Italian Architects Transform Ancient Cave Into a Modern Oasis

The caves of Matera, also known as sassi, are located in southern Italy and have been used since Paleolithic times, when inhabitants began carving out the soft stone to create homes. Tasked with the challenge of creating a warm, inviting interior with a modern feel, local architecture firm Manca Studio, run by brother-sister duo Alfredo and Marina, expertly blended the historic and contemporary for the La Dimora di Metello Hotel. In their first hotel project, they have embraced the curves of the space, creating four cozy suites, a common area, terrace, and spa spread over 3,200 square feet.

The warm stone walls in the bedrooms hug visitors, giving a sense of security and warmth without feeling claustrophobic. The architects used white walls to divide the space, but maximize natural light, somehow managing to create light and bright interiors—something one would think impossible in a cave setting. Additionally, the interior design, which boasts mostly custom furniture in pale oak, enhances the earthy feel of the space.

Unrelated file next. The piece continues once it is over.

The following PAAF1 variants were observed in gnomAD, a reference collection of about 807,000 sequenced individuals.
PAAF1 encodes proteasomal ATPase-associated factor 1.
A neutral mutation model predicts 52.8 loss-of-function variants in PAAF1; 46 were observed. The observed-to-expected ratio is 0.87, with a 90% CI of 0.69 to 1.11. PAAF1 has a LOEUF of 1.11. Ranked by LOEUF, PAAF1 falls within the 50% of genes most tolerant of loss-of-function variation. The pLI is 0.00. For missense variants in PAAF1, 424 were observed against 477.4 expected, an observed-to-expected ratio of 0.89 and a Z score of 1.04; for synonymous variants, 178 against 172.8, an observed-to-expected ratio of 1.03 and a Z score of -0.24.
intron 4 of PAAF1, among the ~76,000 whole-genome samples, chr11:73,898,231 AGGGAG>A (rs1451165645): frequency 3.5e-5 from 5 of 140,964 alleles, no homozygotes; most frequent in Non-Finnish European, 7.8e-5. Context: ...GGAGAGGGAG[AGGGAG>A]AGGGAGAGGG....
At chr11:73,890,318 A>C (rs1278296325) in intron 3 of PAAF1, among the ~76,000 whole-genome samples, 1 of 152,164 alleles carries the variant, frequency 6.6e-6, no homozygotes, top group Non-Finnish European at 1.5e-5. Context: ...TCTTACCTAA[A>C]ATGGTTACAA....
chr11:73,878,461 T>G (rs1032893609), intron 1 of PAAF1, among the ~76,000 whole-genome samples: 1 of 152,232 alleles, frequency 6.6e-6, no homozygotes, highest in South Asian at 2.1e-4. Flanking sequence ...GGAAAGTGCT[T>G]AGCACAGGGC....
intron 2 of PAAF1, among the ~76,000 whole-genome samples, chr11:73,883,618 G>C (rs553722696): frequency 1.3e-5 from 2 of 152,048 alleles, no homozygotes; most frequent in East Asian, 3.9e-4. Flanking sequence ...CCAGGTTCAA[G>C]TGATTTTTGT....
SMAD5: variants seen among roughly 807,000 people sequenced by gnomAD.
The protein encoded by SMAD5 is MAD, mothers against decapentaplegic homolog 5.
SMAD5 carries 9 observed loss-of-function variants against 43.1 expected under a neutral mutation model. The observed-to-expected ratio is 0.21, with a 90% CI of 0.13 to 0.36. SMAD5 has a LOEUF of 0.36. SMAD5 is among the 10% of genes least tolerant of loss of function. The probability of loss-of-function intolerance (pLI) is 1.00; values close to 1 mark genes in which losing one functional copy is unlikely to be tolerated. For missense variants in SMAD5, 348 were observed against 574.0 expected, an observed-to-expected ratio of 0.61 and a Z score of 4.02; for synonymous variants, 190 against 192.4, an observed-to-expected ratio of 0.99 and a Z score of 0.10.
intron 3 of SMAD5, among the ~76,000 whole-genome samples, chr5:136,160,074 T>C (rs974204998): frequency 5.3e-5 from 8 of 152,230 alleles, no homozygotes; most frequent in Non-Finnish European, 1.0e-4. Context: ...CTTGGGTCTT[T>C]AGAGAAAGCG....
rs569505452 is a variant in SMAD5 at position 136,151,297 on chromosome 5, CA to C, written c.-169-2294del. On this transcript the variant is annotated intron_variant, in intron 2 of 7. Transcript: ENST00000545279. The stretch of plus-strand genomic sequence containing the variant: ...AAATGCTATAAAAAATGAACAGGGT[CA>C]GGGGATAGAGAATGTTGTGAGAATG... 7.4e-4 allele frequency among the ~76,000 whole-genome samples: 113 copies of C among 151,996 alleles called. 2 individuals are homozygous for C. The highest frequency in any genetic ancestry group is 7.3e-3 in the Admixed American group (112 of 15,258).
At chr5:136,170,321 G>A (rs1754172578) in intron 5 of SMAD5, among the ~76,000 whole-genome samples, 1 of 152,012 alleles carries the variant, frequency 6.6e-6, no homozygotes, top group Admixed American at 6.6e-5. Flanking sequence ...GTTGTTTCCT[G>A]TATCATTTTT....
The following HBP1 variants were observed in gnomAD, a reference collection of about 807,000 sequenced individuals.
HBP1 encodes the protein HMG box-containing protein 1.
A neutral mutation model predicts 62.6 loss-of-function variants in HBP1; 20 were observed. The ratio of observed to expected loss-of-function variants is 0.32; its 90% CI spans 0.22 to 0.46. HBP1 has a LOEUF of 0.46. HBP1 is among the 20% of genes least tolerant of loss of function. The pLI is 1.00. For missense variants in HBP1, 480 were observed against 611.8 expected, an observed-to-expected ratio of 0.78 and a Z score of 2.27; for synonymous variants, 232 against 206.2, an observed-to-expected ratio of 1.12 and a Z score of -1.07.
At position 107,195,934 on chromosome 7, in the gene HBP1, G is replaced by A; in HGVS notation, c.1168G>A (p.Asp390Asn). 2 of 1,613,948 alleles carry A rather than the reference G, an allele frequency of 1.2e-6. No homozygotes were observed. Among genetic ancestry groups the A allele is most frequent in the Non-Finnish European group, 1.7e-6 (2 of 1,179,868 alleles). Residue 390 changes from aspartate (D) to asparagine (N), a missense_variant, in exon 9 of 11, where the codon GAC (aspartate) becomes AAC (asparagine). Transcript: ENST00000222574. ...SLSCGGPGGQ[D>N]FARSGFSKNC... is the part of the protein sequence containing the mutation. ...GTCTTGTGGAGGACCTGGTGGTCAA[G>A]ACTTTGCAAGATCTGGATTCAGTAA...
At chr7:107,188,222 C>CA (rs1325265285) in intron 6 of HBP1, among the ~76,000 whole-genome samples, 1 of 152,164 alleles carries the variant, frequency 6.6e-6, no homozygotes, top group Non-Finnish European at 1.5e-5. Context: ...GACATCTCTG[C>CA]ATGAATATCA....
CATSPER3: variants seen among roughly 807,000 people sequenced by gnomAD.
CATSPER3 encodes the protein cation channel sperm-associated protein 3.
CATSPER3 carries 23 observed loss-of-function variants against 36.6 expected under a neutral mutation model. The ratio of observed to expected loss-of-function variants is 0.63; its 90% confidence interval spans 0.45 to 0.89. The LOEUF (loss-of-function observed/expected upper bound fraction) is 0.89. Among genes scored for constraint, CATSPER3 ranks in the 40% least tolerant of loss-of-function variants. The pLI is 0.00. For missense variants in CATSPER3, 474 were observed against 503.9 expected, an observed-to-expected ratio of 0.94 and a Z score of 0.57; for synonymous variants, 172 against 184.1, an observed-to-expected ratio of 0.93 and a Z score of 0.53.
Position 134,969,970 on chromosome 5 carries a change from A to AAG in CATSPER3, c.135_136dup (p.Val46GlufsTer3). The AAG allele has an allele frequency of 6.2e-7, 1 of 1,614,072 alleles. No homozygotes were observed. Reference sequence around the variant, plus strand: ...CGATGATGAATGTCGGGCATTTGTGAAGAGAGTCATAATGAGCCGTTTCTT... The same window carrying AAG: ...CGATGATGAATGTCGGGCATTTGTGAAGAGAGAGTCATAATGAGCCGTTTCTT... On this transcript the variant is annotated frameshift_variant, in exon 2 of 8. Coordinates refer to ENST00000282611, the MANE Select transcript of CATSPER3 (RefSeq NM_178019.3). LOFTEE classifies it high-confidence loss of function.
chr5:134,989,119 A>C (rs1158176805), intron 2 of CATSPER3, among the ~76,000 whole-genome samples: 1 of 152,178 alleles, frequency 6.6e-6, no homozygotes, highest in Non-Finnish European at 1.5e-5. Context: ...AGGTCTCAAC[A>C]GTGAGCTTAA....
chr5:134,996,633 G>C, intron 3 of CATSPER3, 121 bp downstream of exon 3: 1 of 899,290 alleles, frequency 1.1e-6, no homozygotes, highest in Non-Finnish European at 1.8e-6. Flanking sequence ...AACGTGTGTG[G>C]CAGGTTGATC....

Since their designation as a UNESCO World Heritage Site in 1993, Matera's caves have become a modern study in how to revitalize a space. After their original use as troglodyte dwellings, the caves were almost continuously inhabited until the 1980s, when they fell out of fashion. More recently, a great effort has been made to transform the caves into hotels, restaurants, and cultural centers. Demonstrating a keen ability to pay respect to the past while embracing modernity, the designers allowed the rough texture of the original tuff walls—stone made of volcanic ash—to flow into the smooth, white Italian plaster. The soaker tub, tucked into a low niche, allows guests to relax in a grotto-like ambience, proving that it's possible to stay in a cave while enjoy modern luxury.

Manca Studio: Website
La Dimora di Metello: Website | Facebook
via [Contemporist, Interior Design]

All images via Pierangelo Laterza.

Jessica Stewart

Jessica Stewart is a Contributing Writer and Digital Media Specialist for My Modern Met, as well as a curator and art historian. She earned her MA in Renaissance Studies from University College London and now lives in Rome, Italy. She cultivated expertise in street art which led to the purchase of her photographic archive by the Treccani Italian Encyclopedia in 2014. When she’s not spending time with her three dogs, she also manages the studio of a successful street artist. In 2013, she authored the book 'Street Art Stories Roma' and most recently contributed to 'Crossroads: A Glimpse Into the Life of Alice Pasquini'. You can follow her adventures online at @romephotoblog.

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